A Heart-Breaking Disease Affecting Millions of Individuals and Caregivers

According to the Centers for Disease Control, Alzheimer’s is one of the top 10 leading causes of death in the United States. It destroys the minds of those affected by it and poses challenges for family members and caregivers. It is the most common form of dementia, but is not a normal part of aging.

The disease is named after Alois Alzheimer, the German physician who in 1906 discovered and described two hallmark signs of the disease in the brain — clumps of amyloid protein fragments and tangles of tau protein fibers — and linked them to observable symptoms.

Symptoms can include:

  • loss of memory;
  • problems with speech and language;
  • inability to perform familiar daily tasks;
  • trouble interpreting visual images, spatial relationships, and other sensory information; and
  • changes in personality and behavior such as depression, apathy and agitation.

While there is not yet a cure for Alzheimer’s or a way to prevent it, public support has intensified the search for ways to treat its symptoms, slow its progression, and care for those who live with the disease. In 2012, the U.S. Department of Health and Human Services released a “National Plan to Address Alzheimer’s Disease” that addresses the many challenges faced by patients, researchers and caregivers. The plan offered a coordinated effort to prevent and effectively treat the disease by the year 2025 and called for improvements in clinical and long-term care.

According to the Alzheimer’s Association, more than 5.3 million Americans age 65 and older are estimated to have Alzheimer’s disease, a number predicted to rise as the population ages. Net proceeds from this stamp will be distributed to the U.S. Department of Health and Human Services, all part of a national effort to find ways to prevent, treat, and someday stop this disease.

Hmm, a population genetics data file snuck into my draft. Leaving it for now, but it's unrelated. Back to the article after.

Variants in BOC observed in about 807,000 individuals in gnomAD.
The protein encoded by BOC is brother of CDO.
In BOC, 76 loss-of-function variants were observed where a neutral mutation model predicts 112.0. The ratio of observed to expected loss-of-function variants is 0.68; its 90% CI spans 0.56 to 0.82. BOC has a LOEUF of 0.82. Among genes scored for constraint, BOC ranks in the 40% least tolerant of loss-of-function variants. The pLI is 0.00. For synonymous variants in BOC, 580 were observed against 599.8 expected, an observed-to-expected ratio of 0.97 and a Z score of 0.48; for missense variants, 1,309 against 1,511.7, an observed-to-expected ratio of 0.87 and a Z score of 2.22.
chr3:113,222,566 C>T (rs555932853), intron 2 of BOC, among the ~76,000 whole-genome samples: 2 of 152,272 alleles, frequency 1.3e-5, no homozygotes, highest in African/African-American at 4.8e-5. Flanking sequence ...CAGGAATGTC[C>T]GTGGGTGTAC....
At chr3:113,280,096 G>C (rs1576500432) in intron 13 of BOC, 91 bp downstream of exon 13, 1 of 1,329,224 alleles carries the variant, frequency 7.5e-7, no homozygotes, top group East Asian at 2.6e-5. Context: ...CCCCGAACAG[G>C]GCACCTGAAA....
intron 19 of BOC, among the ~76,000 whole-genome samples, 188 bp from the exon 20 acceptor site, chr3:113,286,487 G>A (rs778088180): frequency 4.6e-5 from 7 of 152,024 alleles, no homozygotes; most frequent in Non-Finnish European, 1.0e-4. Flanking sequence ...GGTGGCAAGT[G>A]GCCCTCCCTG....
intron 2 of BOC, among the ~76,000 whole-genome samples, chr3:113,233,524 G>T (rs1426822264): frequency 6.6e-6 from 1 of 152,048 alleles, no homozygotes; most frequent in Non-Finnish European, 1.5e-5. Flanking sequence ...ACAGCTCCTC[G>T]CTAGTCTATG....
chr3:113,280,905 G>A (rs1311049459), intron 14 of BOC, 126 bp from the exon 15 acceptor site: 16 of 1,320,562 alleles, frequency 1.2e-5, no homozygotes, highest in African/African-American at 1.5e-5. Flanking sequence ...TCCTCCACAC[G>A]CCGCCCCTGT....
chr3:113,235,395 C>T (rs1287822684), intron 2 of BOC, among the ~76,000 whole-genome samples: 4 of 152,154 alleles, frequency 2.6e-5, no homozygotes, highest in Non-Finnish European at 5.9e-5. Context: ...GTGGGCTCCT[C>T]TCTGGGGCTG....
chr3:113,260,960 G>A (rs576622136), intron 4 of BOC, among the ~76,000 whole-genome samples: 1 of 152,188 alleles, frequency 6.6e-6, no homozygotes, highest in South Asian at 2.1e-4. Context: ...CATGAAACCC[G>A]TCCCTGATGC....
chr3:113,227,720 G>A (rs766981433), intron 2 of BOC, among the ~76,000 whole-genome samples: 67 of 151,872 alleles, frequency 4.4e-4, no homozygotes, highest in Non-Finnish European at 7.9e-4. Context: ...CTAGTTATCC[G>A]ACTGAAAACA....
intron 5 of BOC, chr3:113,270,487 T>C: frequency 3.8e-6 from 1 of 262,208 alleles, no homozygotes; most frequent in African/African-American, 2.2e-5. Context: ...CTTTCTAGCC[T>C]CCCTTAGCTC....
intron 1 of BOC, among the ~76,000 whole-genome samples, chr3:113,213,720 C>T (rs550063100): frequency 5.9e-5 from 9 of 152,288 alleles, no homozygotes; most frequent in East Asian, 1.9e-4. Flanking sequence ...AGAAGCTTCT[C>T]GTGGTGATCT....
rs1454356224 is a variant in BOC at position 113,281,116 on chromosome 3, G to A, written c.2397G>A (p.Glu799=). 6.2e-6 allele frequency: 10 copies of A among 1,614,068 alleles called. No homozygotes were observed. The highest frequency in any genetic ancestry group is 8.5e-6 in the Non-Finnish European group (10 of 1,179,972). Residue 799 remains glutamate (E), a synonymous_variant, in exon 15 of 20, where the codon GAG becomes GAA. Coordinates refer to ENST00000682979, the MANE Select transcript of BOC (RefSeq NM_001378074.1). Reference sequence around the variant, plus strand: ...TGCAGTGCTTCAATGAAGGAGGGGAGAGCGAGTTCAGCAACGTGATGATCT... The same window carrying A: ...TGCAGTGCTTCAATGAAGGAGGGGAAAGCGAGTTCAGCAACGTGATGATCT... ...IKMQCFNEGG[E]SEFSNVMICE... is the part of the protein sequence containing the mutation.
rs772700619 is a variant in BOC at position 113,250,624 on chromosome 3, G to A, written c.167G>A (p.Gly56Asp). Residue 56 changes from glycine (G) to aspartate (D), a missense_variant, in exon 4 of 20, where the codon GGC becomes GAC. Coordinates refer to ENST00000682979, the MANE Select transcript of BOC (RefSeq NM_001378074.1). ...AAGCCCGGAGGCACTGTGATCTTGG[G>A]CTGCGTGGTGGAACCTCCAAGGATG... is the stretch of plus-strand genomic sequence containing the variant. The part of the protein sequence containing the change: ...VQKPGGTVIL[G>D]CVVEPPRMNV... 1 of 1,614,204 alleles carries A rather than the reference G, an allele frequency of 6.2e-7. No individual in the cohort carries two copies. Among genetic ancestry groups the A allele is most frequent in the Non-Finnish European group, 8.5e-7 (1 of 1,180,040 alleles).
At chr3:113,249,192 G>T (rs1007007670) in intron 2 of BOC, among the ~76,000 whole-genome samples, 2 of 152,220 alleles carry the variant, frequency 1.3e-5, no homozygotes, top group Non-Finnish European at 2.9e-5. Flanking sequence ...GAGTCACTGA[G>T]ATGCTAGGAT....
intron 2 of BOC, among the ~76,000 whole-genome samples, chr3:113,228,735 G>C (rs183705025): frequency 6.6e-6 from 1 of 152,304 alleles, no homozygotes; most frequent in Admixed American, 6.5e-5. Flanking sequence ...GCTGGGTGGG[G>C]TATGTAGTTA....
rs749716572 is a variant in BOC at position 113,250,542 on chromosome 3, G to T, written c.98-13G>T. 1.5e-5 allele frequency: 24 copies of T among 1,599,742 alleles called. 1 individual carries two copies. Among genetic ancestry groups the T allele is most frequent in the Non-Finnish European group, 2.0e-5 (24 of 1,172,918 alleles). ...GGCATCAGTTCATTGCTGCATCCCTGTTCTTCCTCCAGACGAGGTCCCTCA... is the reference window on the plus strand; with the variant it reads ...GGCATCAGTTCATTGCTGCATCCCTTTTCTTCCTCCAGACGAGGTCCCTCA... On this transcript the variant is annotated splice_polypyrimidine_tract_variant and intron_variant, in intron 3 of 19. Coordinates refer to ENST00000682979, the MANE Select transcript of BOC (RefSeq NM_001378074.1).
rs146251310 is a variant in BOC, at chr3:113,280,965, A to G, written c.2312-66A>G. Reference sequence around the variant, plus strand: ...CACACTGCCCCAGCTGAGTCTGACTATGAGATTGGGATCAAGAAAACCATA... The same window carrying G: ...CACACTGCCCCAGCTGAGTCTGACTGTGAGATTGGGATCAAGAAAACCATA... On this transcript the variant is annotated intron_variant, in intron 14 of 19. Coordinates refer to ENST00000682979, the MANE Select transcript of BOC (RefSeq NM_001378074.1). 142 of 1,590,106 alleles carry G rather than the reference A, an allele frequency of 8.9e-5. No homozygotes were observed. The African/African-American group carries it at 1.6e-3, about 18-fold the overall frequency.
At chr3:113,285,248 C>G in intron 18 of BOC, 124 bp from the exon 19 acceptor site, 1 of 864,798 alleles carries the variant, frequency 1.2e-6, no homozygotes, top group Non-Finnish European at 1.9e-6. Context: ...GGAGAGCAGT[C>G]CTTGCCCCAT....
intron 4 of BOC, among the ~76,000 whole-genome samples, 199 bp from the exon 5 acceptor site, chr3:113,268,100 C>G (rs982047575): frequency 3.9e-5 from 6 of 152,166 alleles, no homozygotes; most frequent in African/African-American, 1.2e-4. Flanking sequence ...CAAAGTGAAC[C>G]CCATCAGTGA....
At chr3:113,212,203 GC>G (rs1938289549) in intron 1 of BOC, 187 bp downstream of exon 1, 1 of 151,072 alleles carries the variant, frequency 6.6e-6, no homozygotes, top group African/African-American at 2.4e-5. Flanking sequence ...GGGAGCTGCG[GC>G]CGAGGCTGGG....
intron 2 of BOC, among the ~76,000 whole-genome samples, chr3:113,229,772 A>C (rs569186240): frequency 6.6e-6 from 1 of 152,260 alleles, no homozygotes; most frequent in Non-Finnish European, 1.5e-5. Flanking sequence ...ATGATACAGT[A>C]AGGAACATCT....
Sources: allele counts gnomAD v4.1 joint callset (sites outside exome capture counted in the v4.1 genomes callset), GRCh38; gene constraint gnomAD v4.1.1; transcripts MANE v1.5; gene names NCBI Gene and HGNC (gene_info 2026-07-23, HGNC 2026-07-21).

The Semipostal Authorization Act, Pub. L. 106–253, grants the Postal Service discretionary authority to issue and sell semipostal fundraising stamps to advance such causes as it considers to be ”in the national public interest and appropriate.”

Under the program, the Postal Service intends to issue five semipostal fundraising stamps over a 10-year period, with each stamp to be sold for no more than two years. The Alzheimer’s Semipostal stamp is the first and will be followed by a Post-Traumatic Stress Disorder (PTSD) semipostal stamp to be issued in 2019. The next three discretionary semipostal stamps have not yet been determined.


There’s Still No Proven Way to Prevent Alzheimer’s

(HealthDay News) Medical science has failed to prove that any treatment, therapy or brain exercise can help prevent dementias such as Alzheimer’s disease, an extensive new review has concluded.

No medications, over-the-counter remedies or brain training programs have been proven in solid clinical trials to ward off dementia, researchers with the Minnesota Evidence-Based Practice Center in Minneapolis stated after reviewing dozens of previously published studies.

“The upshot is there isn’t a magic bullet,” said review co-author Mary Butler, co-director of the center and an assistant professor with the University of Minnesota School of Public Health.

The best evidence the investigators found indicates that healthy living is a person’s best defense against dementia, Butler said. That means eat right, exercise, treat health problems such as high blood pressure, and remain socially active.